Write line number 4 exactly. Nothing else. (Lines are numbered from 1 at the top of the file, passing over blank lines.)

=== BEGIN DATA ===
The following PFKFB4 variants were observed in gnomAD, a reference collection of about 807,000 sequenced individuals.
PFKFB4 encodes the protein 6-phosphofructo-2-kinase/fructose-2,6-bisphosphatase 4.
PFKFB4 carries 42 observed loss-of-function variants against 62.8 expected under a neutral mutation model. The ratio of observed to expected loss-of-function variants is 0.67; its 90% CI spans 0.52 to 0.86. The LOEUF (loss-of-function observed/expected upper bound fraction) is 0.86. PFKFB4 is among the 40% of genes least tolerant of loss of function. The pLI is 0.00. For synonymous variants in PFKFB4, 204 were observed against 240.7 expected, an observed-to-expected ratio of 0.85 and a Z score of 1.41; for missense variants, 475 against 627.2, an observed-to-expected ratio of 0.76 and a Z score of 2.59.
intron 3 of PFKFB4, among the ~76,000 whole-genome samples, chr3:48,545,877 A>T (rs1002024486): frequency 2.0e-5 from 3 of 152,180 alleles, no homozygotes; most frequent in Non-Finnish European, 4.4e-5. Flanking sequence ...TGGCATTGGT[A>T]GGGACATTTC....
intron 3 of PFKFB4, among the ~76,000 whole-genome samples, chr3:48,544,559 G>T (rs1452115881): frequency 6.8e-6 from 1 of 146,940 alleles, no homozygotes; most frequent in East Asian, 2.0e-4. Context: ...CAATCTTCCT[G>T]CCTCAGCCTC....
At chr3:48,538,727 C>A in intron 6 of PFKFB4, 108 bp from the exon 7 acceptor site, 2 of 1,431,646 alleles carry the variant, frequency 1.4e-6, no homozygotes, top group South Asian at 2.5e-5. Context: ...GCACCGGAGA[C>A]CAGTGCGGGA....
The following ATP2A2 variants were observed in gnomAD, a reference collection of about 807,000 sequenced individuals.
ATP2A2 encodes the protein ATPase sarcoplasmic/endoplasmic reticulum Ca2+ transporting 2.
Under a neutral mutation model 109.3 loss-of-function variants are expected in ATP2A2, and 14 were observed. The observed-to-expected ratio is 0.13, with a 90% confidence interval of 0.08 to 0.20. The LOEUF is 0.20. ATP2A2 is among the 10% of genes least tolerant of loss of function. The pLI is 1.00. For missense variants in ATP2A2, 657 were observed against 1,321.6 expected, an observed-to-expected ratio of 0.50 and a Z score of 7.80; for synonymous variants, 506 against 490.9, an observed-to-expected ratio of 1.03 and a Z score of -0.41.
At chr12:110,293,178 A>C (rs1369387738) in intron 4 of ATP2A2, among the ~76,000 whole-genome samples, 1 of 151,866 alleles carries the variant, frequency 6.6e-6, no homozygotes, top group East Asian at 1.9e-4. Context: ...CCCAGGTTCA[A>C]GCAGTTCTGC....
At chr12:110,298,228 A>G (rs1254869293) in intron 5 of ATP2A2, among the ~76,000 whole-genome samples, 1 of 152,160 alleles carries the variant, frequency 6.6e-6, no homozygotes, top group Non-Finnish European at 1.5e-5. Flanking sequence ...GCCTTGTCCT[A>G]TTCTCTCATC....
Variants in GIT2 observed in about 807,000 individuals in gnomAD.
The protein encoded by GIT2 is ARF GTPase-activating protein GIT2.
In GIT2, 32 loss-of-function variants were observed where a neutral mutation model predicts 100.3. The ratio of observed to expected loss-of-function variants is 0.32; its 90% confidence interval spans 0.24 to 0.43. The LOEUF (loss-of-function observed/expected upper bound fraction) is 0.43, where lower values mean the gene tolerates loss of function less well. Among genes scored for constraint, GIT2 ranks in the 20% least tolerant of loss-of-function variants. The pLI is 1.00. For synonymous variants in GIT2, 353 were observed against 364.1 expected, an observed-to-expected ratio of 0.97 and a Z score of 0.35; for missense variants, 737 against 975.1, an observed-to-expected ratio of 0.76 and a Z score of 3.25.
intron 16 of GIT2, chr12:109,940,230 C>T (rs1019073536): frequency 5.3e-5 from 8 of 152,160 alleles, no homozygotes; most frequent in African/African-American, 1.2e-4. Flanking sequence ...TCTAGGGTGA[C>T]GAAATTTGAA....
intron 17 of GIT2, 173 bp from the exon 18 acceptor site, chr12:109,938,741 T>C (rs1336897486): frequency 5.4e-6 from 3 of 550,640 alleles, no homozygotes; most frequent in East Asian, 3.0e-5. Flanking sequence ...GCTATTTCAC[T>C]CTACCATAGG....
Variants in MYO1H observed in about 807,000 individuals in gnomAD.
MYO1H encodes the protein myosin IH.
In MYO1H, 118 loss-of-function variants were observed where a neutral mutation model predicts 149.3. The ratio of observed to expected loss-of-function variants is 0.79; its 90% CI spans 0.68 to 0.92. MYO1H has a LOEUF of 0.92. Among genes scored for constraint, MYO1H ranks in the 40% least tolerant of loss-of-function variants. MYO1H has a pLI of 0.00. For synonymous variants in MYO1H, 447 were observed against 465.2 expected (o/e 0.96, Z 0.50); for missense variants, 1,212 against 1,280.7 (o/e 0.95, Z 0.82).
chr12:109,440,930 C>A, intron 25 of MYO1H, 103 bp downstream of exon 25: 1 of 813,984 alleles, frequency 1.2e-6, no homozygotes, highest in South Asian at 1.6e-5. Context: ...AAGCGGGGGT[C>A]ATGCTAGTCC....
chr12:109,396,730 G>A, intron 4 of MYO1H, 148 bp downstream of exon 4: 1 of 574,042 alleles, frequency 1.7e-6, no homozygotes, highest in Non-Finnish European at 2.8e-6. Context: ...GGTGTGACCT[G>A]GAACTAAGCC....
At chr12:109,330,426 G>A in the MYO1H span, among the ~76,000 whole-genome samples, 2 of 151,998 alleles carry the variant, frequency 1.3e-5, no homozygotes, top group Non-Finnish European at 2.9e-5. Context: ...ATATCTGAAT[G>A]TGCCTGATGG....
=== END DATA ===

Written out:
intron 3 of PFKFB4, among the ~76,000 whole-genome samples, chr3:48,545,877 A>T (rs1002024486): frequency 2.0e-5 from 3 of 152,180 alleles, no homozygotes; most frequent in Non-Finnish European, 4.4e-5. Flanking sequence ...TGGCATTGGT[A>T]GGGACATTTC....